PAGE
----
The best thing about doing multiple versions of a piece is that you can try different methods and approaches with each iteration. I’ve been working up the gumption to explore non-realistic colour, and I thought that a tiny work on paper was the best place to start. Boy, was I in for a surprise! It turns out that imaginative colour is a LOT harder for me to wrap my mind around than I’d bargained for. I aimed for a flat, cell-shaded look, but in the end, I couldn’t resist putting in all kinds of detail in the face.
To be honest, I’m a bit disappointed in myself because the “Lucy in the Sky with Diamonds” sequence from the Beatles’ “Yellow Submarine” movie is something that my 4 year-old brain latched onto as a Life-Altering-Work-Of-Art, and it’s an aesthetic that I want to incorporate into my current work. I honestly thought that mimicking that look in my own art would be a cinch, but alas, it looks like I’ve got a ways to go before I unlock my inner Heinz Edelmann. Let us consider this a First Draft, and as Neil Gaiman says: “Your first draft doesn’t count”. All it has to do is exist.
I’m pleased to announce that Art Gallery 118 selected my digital piece, “Glasses”, to be a part of their online exhibition, “New Addition”. The exhibition will be on view from July 15 to August 15, 2022.
I’m especially pleased to see that my artwork is the first one in the exhibit. Nice to have the pole position! 😉
The selected works will also be featured on their Instagram account here. You can also watch their fun little promo video:
The Purposeful Mayonnaise (what a great title, btw!) selected my “Messy Bun” self-portrait as the opening image for their “Messdeck”. My bio can be found later on on page 74. A big thank you to the Purposeful Mayonnaise team for including my painting in their publication!
As for my work ending up in the pages of The Huts Magazine, that is courtesy of the tireless team behind “Art Mums United”, Mona Lerch and Valentine Svihalek. Through their collaboration with The Huts Magazine, all of the pieces that were a part of the Art Mums United exhibit “Artist, Mother, Proud, & Serious” (in which my “Self-Portrait With Kerchief” made the cut) were guaranteed a spot in the magazine. I’ve never seen my work in print before, and I have to say: it is a real thrill! Many thanks to Mona and Valentine for making this dream a reality!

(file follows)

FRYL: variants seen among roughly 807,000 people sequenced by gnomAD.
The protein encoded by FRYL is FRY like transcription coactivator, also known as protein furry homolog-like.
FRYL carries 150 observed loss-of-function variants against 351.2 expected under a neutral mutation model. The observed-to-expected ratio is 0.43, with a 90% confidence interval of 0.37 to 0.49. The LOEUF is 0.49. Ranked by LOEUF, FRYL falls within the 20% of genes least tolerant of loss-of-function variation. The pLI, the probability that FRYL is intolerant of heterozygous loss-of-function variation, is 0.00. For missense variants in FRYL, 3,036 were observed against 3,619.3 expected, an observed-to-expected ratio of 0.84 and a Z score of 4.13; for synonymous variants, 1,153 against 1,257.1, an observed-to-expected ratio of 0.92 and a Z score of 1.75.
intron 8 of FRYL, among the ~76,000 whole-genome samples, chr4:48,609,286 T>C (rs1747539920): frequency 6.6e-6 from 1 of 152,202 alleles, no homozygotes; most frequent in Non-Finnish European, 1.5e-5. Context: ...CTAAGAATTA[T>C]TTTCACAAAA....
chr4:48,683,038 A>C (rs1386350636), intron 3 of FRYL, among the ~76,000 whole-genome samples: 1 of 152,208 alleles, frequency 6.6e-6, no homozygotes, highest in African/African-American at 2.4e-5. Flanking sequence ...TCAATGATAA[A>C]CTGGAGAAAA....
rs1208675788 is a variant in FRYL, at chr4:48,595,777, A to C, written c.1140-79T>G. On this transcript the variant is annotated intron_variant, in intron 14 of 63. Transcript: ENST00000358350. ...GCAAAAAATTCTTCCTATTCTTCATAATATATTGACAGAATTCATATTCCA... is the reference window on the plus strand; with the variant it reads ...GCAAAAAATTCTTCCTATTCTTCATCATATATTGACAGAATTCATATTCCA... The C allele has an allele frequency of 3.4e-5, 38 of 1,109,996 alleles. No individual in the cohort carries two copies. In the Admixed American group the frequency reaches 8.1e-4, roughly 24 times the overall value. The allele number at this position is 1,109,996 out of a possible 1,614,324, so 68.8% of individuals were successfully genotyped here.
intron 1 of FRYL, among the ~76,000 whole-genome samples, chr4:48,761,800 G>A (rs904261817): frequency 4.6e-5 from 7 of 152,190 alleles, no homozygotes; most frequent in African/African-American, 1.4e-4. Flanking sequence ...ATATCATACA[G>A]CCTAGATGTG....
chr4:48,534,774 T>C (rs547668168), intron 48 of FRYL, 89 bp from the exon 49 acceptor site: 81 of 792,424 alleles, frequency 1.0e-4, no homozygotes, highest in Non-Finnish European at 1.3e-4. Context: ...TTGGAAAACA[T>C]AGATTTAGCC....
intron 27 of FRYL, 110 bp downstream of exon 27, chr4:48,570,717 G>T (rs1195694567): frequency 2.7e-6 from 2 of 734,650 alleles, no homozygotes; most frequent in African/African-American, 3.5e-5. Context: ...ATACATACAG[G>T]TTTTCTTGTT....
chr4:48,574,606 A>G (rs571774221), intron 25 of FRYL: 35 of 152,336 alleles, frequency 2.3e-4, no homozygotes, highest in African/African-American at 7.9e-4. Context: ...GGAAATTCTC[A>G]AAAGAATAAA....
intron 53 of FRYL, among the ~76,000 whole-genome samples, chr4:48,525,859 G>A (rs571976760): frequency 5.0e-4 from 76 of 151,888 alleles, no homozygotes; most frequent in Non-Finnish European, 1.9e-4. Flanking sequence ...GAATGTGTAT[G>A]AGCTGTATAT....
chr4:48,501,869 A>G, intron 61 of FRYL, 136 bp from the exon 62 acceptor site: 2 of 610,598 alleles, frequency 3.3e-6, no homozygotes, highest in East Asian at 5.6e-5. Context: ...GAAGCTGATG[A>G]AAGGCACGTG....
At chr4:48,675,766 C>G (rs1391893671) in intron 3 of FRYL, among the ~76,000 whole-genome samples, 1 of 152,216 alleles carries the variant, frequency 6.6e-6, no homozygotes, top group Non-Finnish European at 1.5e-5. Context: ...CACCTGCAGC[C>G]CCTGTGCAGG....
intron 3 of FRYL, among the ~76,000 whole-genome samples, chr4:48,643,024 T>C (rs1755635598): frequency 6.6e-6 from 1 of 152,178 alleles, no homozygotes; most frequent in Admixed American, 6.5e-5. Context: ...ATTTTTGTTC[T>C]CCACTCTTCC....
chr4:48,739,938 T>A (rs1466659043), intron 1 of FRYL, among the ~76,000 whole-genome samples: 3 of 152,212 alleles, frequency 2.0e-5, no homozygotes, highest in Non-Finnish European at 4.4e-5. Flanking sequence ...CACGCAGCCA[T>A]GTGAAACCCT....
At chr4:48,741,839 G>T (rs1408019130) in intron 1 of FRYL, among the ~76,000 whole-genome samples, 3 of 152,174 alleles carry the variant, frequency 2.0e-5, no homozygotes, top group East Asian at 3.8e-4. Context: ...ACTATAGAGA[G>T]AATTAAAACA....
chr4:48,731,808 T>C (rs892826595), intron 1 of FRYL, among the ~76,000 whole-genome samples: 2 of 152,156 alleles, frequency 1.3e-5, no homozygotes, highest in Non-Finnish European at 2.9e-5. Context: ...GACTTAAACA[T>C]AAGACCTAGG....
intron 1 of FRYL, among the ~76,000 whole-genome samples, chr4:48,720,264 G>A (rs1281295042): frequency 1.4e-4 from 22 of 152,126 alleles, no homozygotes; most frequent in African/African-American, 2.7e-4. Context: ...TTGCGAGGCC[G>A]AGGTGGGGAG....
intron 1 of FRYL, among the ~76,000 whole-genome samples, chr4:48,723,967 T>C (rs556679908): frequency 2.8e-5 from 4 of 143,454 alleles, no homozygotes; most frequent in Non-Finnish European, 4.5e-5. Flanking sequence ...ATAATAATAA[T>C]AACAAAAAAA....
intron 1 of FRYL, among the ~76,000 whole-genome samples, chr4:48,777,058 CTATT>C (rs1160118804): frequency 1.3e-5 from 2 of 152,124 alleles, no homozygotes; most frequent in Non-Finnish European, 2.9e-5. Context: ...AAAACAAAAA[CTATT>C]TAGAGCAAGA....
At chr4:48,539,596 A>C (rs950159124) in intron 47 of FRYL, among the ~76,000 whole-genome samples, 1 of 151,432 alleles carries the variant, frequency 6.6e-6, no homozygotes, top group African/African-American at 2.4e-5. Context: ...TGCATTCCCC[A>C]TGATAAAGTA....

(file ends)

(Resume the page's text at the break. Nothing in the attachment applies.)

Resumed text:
I hope you’re enjoying the new layout for my website because I sure am! I’m in a real Organizing-And-Take-Stock moment of my life. Some people relax by watching TV or reading a good book, but for me, nothing soothes my nerves as much as decluttering. Now, if only I could get my family onboard…
And while sorting through some old files, I found this old gem from 2019 that I’d never posted. I was done during a moment of downtime between projects at work, and was the inspiration for the lunchtime landscape studies that got progressively more involved and sophisticated. The Charlevoix region of Quebec has some pretty spectacular scenery and I’d love to go back and try my hand at Plein Air painting, but I think I’ll have to wait until the gas prices go down before I head out on another road trip.
For this piece, I decided to keep things simple and low-concept: just a roughly painted self-portrait, using a reference photo taken with my computer camera (note the tell-tale glowing blue neck). I kept the brushwork loose, and even cheated a little by sometimes relying on the eye dropper tool to help me get the right colour. There have to be some advantages to working digitally, right?
This piece was also an opportunity to better understand the newest addition to my digital painting arsenal: Escape Motion’s Rebelle 5. It’s early days still, but this might turn out to be one of my favourite softwares. Photoshop will always reign supreme for the sheer number of tools at one’s disposal, but Rebelle 5 has a much better “surface texture” feeling. Many digital painting programs claim that they can mimic the sensation of pushing paint around, but this one comes closest of all, in my opinion. And if nothing else, how can you not like the ripped edges of the canvas? Talk about a perfect little detail that I never knew I wanted!